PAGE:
A foreign reporter films part of Chinese President Xi Jinping’s inaugural speech during the opening ceremony of the FOCAC Beijing Summit 2018 (LAURENCE COULTON)
President Xi Jinping committed a further $60 billion in financial support for African development and reiterated China's approach to its relations with the continent in a speech at the opening ceremony of the Forum on China-Africa Cooperation (FOCAC) in Beijing on September 3.
Xi hailed the principles of sincerity, real results, amity and good faith which continue to underpin Sino-African relations, and outlined China's position in its dealings with African countries.
"We follow a five-no approach in our relations with Africa. No interference with African countries' choice of development path fitting their national conditions. No interference in African countries' internal affairs. No imposition of our will on African countries. No seeking of selfish political gains in investment and financing cooperation five-no approach with Africa," Xi said.
According to Li Wentao, Deputy Director of the Africa Institute at the China Institutes of Contemporary International Relations, the five-no approach is an upgraded and extrapolated version of China's previous policy of non-interference.
"Xi further clarified China's stance in its cooperation with African countries in direct response to international misunderstanding about the nature of the Sino-African relationship," Li said.
$60-billion finance support
Addressing leaders assembled in the Great Hall of the People, Xi said that the $60-billion in financing is to be made up of $15 billion in grants, interest-free loans and concessional loans, $20 billion in credit lines, a $10-billion special fund for development financing and a $5-billion special fund for financing imports from Africa. Chinese companies are also encouraged to make at least $10 billion of investment in Africa in the next three years.
"China has honored its 2015 promise to provide Africa with funding support totaling $60 billion," Xi said of the commitments made at the FOCAC Johannesburg Summit three years ago, adding that "the financing has been either delivered or arranged."
Woodajeneh Selamawit Kassa, an Ethiopian journalist reporting from the FOCAC media centre in Beijing, told Beijing Review that she agreed with Xi's assertions that China had come true on its 2015 promises.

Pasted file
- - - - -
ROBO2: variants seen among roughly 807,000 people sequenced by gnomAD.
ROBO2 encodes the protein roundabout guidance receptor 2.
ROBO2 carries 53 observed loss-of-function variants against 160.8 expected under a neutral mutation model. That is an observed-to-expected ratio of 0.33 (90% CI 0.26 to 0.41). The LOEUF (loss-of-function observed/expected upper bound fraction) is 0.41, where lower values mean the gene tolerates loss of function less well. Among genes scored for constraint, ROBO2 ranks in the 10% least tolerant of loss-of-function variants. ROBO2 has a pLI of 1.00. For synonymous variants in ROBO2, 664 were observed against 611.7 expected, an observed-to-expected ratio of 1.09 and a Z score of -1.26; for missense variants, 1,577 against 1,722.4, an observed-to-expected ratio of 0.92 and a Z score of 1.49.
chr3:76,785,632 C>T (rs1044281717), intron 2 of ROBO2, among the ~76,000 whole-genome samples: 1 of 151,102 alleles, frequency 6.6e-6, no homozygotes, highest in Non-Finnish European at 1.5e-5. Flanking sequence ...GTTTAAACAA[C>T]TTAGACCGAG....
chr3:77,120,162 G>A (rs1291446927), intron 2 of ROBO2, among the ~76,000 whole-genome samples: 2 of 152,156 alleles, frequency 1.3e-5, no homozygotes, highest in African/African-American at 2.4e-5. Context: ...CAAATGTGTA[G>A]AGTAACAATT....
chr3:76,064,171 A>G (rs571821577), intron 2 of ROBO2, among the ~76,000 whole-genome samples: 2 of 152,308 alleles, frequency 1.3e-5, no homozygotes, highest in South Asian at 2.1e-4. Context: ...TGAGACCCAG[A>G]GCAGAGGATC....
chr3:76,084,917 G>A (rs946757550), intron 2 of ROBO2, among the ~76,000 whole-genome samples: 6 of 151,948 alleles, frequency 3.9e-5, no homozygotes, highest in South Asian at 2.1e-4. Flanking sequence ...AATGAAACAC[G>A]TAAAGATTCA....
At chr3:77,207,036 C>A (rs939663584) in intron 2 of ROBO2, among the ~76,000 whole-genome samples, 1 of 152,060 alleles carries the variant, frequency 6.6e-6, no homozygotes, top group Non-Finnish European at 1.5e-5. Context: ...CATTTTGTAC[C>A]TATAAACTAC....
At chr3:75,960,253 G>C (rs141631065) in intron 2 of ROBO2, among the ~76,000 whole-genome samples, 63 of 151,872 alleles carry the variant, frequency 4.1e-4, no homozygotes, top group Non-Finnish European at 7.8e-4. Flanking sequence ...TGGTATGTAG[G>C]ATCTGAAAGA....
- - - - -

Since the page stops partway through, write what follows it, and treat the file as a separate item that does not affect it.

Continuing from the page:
"It has been fully implemented in many countries. My country was a beneficiary of those projects; there have been roads and a railroad," she said.
The $15 billion dollar grant pledged by Xi will be used to improve the livelihoods of African people through the construction of libraries, stadiums and other public facilities, according to Li. The $20 billion of credit lines will be deployed according to the market landscape, tapping areas and industries with high potential throughout the continent.
He Rui, Associate Researcher with the China Institute of International Studies, said that a large part of the finance support will go toward the construction of infrastructure such as roads, ports, airports and railways.
"This will form an infrastructure network which will contribute to the interconnectivity of Africa. However, China should conduct its financing strategy differently according to the conditions of the countries in which it is involved, which will have an inevitable impact on the implementation of the fund."
"This is just the first stage of Chinese investment in African development. After the continent has been connected, Chinese investment can then be directed toward more advanced industries to facilitate Africa's industrialization," he said.
"For a country to grow they need infrastructure, they need to integrate." Woodajeneh said.
Eight major initiatives
Xi outlined eight major initiatives to be implemented with the countries of Africa over the next three years in industrial promotion, infrastructure connectivity, trade facilitation, capacity building, healthcare, people-to-people exchanges, and peace and security.
Opposing unilateralism and protectionism, Xi said that China would stick to a road of peace, prosperity, openness, green development and innovation, and bring together different civilizations while protecting the interests of developing countries.
"China-Africa relations can become a pacesetter for building a shared community for all mankind," he said.
Looking forward, He believes it important to guarantee that the $60 billion pledged by Xi is both effective and scientific in its implementation, so as to achieve inclusive development with benefits that reach African people.
"In the years since the 2008 financial crisis, there has been a pessimistic feeling among the international community toward African development. But recently, there has been a surge in optimism, partly due to the fruitful outcomes of Sino-African cooperation," he said.
"We still need more jobs, because Africa has a lot of youth and unemployment rates are still very high in African countries. So I expect more investment and I expect more jobs from Chinese companies, to actually see the win-win cooperation between Africa and China. Knowledge transfer is the key and capacity building is very important," said Woodajeneh.
"My expectation is that as time goes on the relationship will become stronger than it is today…We hope that the momentum will be maintained," said Ahmed Wakili Bello, a Nigerian journalist reporting on the summit from the media center.
In a show of good faith, Xi also revealed that the debt from interest-free Chinese loans would be written off in some of the poorest African states.
"We welcome African countries aboard the express train of China's development," Xi said.
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